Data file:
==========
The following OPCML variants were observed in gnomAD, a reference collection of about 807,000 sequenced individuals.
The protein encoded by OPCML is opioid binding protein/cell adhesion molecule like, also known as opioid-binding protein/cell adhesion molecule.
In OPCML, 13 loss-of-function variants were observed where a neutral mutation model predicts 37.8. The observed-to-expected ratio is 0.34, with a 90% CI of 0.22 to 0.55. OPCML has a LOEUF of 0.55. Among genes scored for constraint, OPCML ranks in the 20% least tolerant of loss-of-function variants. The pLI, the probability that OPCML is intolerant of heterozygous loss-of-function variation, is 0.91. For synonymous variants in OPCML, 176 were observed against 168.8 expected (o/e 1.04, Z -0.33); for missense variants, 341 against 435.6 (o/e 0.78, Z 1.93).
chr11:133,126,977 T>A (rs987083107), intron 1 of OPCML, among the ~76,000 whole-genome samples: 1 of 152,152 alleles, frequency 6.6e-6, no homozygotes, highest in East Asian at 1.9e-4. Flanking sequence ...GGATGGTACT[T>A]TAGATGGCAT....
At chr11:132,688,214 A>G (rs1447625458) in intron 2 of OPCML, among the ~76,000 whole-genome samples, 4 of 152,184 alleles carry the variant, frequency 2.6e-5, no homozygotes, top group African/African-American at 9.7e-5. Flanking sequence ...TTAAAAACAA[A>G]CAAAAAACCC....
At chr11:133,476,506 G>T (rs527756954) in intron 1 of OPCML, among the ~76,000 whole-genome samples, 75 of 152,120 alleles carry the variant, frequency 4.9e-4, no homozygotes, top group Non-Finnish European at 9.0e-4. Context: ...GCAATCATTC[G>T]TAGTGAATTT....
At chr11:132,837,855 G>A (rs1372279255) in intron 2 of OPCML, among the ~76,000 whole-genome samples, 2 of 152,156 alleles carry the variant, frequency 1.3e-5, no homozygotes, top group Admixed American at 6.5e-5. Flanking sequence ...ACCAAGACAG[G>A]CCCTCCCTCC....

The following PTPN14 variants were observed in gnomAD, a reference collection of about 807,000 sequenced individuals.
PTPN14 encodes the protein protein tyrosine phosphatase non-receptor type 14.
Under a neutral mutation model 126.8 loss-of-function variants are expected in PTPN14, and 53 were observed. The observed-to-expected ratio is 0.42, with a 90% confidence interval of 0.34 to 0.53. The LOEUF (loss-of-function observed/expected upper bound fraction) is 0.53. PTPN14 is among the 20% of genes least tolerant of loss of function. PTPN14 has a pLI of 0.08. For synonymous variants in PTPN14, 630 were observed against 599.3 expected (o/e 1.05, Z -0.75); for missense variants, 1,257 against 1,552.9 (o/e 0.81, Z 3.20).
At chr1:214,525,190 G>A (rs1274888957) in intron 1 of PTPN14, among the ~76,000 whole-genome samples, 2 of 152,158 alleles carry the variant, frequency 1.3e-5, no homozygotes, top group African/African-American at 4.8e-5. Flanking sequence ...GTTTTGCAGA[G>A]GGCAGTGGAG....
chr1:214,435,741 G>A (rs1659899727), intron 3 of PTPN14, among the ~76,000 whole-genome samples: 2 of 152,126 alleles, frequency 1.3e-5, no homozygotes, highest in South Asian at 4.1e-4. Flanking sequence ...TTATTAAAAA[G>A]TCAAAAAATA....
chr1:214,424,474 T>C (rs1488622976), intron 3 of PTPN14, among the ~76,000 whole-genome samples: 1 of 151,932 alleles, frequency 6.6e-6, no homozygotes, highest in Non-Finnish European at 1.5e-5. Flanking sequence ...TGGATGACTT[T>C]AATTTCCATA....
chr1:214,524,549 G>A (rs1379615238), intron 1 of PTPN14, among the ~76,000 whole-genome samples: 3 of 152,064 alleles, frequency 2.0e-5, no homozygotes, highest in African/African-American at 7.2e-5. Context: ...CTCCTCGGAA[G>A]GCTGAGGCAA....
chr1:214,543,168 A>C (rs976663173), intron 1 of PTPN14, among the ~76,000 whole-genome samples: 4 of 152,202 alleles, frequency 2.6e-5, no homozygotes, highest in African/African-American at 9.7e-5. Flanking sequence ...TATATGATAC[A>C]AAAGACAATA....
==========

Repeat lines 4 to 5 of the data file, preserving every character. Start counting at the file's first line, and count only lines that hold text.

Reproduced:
chr11:133,126,977 T>A (rs987083107), intron 1 of OPCML, among the ~76,000 whole-genome samples: 1 of 152,152 alleles, frequency 6.6e-6, no homozygotes, highest in East Asian at 1.9e-4. Flanking sequence ...GGATGGTACT[T>A]TAGATGGCAT....
At chr11:132,688,214 A>G (rs1447625458) in intron 2 of OPCML, among the ~76,000 whole-genome samples, 4 of 152,184 alleles carry the variant, frequency 2.6e-5, no homozygotes, top group African/African-American at 9.7e-5. Flanking sequence ...TTAAAAACAA[A>G]CAAAAAACCC....